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To The Edge Of The Earth For Love ... And Bubble Tea
A Silk Road story on the Kazakh / China border.
I met Sergei in the dark confectionery bar of the movie theater in Zharkent — a single screen outlet that shows re-runs of new releases past which has become the de facto beacon of modernity in the dusty border town. This is where the town’s youth gather, munching popcorn and sipping sodas; a little piece of the outside world in a place that’s the proverbial middle of nowhere. Zharkent sits near the Eurasian Pole of Inaccessibility, the farthest point on earth from an ocean.
The Khorgos border with China is 30 kilometers to the east, while Almaty, Kazakhstan’s cultural capital, sits 300 kilometers to the west. While 30,000 people live in Zharkent — sizable for Kazakhstan — the place comes off as more of a little-village-that-could rather than anything approaching urban. The streets here are narrow and dusty; only the main thoroughfares are paved, and even these are chewed up and potholed, requiring drivers have to navigate in snake-like curves. The houses tend to be small, single story, cinder block affairs. Some are conglomerations of welded together shipping containers caked in mud. In the winter, dark coal-fired smoke rises from a thousand chimneys. While being located at the epicenter of Kazakhstan’s modernization scheme, Zharkent still has the feel of being on the edge of the earth.
Zharkent is an old Silk Road town, and the legacy of those ancient trade routes still live on here — the town’s main street is called the “Silk Road,” the people are mostly Uyghur. Once a trans-continental trade hub, Zharkent descended into irrelevance during the Soviet era, when the nearby border to China was firmly closed shut. But the new development projects that are emerging on the now open Chinese border are reviving the town’s ancient role as a trading post, and the outside world has begun flowing into Zharkent once again.
Like in the past, the people here are traders. They are buying trucks to ship incoming goods, they do runs to the duty free zone on the Chinese border or to the new city of Horgos on the other side. Some even venture to Urumqi to buy merchandise that they can bring back to Kazakhstan and resell for a bit of profit.
In this landscape, Sergei was unmistakable. He was tall, around 25 years old, and had flowing, long black hair that gave him the look of the Kazakh movie stars in the posters that surrounded us in the cinema. He strode in, sat down in front of me, and called for coffees. Originally born in Uzbekistan, Sergei and his family took part in a government program for ethnic Kazakhs to return to Kazakhstan when he was a teenager.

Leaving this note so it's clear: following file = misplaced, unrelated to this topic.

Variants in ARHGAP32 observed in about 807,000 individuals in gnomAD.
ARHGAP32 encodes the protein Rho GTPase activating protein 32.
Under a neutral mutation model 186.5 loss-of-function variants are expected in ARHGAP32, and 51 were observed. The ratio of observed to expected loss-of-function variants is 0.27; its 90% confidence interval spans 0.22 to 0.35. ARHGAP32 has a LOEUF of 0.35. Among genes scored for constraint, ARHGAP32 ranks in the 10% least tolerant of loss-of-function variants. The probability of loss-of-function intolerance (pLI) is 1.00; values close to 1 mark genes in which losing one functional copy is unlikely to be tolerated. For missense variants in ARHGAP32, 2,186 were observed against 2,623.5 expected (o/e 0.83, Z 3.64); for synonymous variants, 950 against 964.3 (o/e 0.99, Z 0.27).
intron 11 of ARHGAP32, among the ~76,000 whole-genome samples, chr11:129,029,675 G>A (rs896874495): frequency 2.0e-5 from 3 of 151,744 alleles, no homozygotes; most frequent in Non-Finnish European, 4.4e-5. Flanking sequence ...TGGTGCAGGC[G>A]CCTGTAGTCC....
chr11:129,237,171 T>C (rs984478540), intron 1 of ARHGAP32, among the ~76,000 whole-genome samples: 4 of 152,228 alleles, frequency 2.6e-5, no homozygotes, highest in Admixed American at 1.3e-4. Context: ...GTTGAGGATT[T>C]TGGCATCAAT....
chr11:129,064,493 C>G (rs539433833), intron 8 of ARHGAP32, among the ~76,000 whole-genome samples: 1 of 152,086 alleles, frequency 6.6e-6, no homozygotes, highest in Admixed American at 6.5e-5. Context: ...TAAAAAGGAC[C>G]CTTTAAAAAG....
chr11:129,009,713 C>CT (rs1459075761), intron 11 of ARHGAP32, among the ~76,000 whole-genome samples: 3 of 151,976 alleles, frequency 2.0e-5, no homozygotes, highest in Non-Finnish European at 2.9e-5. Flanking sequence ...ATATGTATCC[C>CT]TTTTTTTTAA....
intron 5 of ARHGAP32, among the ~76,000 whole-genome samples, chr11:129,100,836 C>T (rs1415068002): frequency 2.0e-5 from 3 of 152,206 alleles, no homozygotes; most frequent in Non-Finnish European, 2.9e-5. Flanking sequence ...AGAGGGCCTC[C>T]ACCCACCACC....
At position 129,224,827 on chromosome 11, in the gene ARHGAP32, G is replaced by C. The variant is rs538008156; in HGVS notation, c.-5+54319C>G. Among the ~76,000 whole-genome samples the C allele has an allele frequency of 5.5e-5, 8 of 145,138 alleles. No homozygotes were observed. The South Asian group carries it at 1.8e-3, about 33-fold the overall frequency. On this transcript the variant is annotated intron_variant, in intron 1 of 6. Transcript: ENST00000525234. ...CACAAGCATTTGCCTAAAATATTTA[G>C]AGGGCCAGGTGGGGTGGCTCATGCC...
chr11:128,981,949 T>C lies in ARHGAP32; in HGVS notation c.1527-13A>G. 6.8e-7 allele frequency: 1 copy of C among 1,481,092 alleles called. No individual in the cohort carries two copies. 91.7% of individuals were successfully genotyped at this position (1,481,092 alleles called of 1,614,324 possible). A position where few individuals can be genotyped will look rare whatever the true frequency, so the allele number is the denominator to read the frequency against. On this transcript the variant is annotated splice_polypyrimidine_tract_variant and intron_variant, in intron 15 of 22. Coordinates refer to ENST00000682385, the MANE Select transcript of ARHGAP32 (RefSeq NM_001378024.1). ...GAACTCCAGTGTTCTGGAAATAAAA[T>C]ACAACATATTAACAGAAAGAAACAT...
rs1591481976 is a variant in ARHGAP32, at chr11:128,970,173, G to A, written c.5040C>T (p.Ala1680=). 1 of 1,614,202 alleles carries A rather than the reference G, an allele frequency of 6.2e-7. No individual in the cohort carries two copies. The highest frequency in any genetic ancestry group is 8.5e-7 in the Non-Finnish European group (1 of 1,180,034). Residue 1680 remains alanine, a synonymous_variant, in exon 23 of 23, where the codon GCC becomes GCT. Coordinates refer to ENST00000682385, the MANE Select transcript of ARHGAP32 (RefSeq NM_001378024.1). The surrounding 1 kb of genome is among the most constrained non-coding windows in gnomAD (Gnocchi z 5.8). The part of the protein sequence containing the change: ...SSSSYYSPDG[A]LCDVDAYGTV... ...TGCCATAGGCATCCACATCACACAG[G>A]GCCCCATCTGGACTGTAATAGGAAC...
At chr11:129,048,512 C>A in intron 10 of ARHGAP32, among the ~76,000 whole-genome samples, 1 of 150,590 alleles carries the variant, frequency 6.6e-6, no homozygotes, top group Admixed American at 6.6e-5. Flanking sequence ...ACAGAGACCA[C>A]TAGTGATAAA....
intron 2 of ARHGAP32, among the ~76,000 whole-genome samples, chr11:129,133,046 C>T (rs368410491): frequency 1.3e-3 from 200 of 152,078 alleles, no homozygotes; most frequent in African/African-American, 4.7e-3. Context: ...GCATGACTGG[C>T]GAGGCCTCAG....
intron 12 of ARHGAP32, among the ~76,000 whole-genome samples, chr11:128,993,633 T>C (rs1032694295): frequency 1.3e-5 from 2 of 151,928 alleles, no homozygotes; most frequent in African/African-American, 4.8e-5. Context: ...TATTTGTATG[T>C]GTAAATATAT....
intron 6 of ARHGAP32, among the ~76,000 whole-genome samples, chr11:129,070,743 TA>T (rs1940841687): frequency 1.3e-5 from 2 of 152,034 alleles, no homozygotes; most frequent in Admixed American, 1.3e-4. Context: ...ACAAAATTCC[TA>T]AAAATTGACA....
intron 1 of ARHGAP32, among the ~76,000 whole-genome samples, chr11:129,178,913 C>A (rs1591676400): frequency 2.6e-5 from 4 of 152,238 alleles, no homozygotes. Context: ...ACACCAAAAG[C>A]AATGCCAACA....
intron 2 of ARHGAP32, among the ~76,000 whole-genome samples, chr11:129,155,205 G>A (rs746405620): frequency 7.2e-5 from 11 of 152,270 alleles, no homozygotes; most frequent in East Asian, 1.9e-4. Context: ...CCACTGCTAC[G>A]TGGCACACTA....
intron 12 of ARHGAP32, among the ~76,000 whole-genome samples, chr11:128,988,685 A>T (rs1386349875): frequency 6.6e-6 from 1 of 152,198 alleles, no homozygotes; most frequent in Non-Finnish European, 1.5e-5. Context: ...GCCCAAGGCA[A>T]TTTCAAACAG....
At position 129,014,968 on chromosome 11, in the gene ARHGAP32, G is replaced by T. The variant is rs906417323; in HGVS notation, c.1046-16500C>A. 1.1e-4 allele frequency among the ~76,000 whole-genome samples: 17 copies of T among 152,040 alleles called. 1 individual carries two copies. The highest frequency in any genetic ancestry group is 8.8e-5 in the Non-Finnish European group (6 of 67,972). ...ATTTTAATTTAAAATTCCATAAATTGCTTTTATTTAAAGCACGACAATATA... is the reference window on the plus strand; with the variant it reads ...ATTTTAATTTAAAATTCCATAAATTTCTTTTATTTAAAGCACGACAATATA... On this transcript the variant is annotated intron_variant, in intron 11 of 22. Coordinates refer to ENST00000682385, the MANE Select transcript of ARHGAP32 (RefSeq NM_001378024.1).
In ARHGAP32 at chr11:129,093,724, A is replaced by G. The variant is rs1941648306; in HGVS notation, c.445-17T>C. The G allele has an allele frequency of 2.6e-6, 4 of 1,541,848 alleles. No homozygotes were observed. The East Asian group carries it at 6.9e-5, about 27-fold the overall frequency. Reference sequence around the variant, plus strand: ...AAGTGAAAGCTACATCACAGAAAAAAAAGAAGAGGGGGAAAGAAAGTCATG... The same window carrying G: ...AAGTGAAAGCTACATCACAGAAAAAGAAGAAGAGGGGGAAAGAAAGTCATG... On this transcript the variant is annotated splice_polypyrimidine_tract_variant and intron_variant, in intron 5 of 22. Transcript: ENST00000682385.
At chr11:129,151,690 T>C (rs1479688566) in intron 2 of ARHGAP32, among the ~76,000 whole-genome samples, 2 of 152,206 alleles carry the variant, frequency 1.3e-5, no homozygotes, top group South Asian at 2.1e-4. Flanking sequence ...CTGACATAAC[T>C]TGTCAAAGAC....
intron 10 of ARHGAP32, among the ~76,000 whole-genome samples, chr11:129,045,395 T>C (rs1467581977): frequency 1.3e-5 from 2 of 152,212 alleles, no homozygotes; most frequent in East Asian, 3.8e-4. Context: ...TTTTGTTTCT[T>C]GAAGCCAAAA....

In 1991, the same year that Kazakhstan became an independent nation, a decree was issued to the Kazakh diaspora: come home, we will pay for it. It was one part nation-building exercise, one part pragmatism, as the new state sorely needed to bolster its depleted population. In the 1930s, under Stalin, upwards of a million Kazakhs fled the chaos, scattering to China, Afghanistan, Iran, and other parts of Central Asia. Another wave of outward migration happened after the dissolution of the Soviet Union, with ethnic Russians, Chechens, Poles, and other groups returning to their native homelands. Called Oralman — Returnees — over a million ethnic Kazakhs have taken participated in the program, and now make up 5.5% of the country’s population.
Sergei’s family settled in Almaty, where he finished high school. When the time for him to decide where to go to university, he went the way that many young Central Asians are going these days: he went to China.
Landing in Chongqing, an established Belt and Road hub in the center of the country, Sergei began studying Mandarin. Within a couple of years he obtained fluency. He also obtained something else: a fiance. He hooked up with a Chinese classmate and endeavored to start a life in China with her. However, love isn’t grounds for a visa extension, and her parents weren’t on board with her marrying a foreigner — especially one from the other side of Xinjiang who lacked wealth and prospects. So after graduating Sergei found himself with little other option than to return to Kazakhstan.
Washing up in Almaty, Sergei had the singular objective of getting back to Chongqing by any means necessary. Rather than going into mining and working as a cog in a state firm — the iron rice bowl of Kazakhstan — he cobbled together a very different scheme while wallowing in his star-crossed exile.
“My dream is to go to Chongqing,” he told me. “I have a girl there and I want to move there. So I was like, ‘what can I do to be in Chongqing?’ And I said, ‘maybe I should open my own business.’”